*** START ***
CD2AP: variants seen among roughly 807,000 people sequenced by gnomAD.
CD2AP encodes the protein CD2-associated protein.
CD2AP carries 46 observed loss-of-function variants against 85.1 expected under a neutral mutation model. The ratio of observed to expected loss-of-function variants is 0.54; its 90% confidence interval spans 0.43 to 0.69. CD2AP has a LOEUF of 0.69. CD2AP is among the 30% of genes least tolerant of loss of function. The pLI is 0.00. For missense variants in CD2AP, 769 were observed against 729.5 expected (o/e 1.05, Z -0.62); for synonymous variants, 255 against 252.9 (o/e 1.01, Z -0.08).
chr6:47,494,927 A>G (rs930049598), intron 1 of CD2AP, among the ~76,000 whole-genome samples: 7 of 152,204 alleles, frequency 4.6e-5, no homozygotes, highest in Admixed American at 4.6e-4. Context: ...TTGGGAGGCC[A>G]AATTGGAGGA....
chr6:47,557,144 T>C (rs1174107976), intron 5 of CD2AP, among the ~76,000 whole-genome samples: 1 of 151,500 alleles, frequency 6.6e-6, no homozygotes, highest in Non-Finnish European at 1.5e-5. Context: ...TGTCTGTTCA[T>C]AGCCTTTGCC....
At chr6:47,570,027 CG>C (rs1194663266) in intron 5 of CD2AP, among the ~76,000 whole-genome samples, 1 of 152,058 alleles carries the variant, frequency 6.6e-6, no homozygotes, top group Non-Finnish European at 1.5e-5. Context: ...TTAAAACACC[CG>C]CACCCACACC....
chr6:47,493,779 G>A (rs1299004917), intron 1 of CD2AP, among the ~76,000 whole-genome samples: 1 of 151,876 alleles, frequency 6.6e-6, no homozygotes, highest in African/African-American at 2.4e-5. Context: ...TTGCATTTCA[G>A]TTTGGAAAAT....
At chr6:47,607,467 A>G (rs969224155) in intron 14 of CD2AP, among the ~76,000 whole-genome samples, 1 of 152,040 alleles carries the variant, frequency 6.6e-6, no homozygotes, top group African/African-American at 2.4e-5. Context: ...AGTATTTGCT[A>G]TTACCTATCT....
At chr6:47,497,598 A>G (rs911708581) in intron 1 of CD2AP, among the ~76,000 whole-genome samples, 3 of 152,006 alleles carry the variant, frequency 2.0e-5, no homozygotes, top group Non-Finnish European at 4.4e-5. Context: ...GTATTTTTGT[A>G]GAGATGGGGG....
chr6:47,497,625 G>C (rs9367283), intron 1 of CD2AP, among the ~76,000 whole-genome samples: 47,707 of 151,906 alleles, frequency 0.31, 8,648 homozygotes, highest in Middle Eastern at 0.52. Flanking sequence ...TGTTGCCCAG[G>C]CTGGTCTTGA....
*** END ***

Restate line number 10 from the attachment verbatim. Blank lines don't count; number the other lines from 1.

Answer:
chr6:47,497,625 G>C (rs9367283), intron 1 of CD2AP, among the ~76,000 whole-genome samples: 47,707 of 151,906 alleles, frequency 0.31, 8,648 homozygotes, highest in Middle Eastern at 0.52. Flanking sequence ...TGTTGCCCAG[G>C]CTGGTCTTGA....